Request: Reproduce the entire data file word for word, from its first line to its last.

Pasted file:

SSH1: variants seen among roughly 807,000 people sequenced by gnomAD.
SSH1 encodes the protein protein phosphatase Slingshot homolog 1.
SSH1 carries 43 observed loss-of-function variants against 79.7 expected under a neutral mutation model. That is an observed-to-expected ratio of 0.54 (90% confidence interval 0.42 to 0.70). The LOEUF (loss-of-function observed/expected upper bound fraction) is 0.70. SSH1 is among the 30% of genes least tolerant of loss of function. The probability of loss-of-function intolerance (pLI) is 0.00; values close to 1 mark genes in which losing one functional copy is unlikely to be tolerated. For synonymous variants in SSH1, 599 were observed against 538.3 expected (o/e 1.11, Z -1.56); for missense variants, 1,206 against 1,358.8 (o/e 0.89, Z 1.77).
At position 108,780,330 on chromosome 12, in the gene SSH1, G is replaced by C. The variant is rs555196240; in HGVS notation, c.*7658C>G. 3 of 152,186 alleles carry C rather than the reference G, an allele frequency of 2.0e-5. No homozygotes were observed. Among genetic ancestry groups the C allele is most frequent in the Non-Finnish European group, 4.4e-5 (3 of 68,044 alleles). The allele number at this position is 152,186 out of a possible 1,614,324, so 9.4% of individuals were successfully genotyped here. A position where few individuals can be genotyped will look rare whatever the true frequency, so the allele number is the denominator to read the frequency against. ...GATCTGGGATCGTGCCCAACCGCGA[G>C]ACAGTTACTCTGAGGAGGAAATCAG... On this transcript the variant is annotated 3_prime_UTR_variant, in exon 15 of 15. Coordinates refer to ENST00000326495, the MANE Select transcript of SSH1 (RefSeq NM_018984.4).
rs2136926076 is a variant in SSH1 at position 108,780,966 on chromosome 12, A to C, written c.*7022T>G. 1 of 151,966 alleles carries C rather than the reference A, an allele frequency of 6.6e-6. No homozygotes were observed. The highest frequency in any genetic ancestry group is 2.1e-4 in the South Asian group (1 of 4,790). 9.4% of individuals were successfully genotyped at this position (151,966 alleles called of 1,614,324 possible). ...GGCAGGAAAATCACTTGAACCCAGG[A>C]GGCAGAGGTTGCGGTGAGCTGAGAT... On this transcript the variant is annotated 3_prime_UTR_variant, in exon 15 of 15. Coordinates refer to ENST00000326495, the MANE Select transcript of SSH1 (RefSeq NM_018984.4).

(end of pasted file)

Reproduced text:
SSH1: variants seen among roughly 807,000 people sequenced by gnomAD.
SSH1 encodes the protein protein phosphatase Slingshot homolog 1.
SSH1 carries 43 observed loss-of-function variants against 79.7 expected under a neutral mutation model. That is an observed-to-expected ratio of 0.54 (90% confidence interval 0.42 to 0.70). The LOEUF (loss-of-function observed/expected upper bound fraction) is 0.70. SSH1 is among the 30% of genes least tolerant of loss of function. The probability of loss-of-function intolerance (pLI) is 0.00; values close to 1 mark genes in which losing one functional copy is unlikely to be tolerated. For synonymous variants in SSH1, 599 were observed against 538.3 expected (o/e 1.11, Z -1.56); for missense variants, 1,206 against 1,358.8 (o/e 0.89, Z 1.77).
At position 108,780,330 on chromosome 12, in the gene SSH1, G is replaced by C. The variant is rs555196240; in HGVS notation, c.*7658C>G. 3 of 152,186 alleles carry C rather than the reference G, an allele frequency of 2.0e-5. No homozygotes were observed. Among genetic ancestry groups the C allele is most frequent in the Non-Finnish European group, 4.4e-5 (3 of 68,044 alleles). The allele number at this position is 152,186 out of a possible 1,614,324, so 9.4% of individuals were successfully genotyped here. A position where few individuals can be genotyped will look rare whatever the true frequency, so the allele number is the denominator to read the frequency against. ...GATCTGGGATCGTGCCCAACCGCGA[G>C]ACAGTTACTCTGAGGAGGAAATCAG... On this transcript the variant is annotated 3_prime_UTR_variant, in exon 15 of 15. Coordinates refer to ENST00000326495, the MANE Select transcript of SSH1 (RefSeq NM_018984.4).
rs2136926076 is a variant in SSH1 at position 108,780,966 on chromosome 12, A to C, written c.*7022T>G. 1 of 151,966 alleles carries C rather than the reference A, an allele frequency of 6.6e-6. No homozygotes were observed. The highest frequency in any genetic ancestry group is 2.1e-4 in the South Asian group (1 of 4,790). 9.4% of individuals were successfully genotyped at this position (151,966 alleles called of 1,614,324 possible). ...GGCAGGAAAATCACTTGAACCCAGG[A>C]GGCAGAGGTTGCGGTGAGCTGAGAT... On this transcript the variant is annotated 3_prime_UTR_variant, in exon 15 of 15. Coordinates refer to ENST00000326495, the MANE Select transcript of SSH1 (RefSeq NM_018984.4).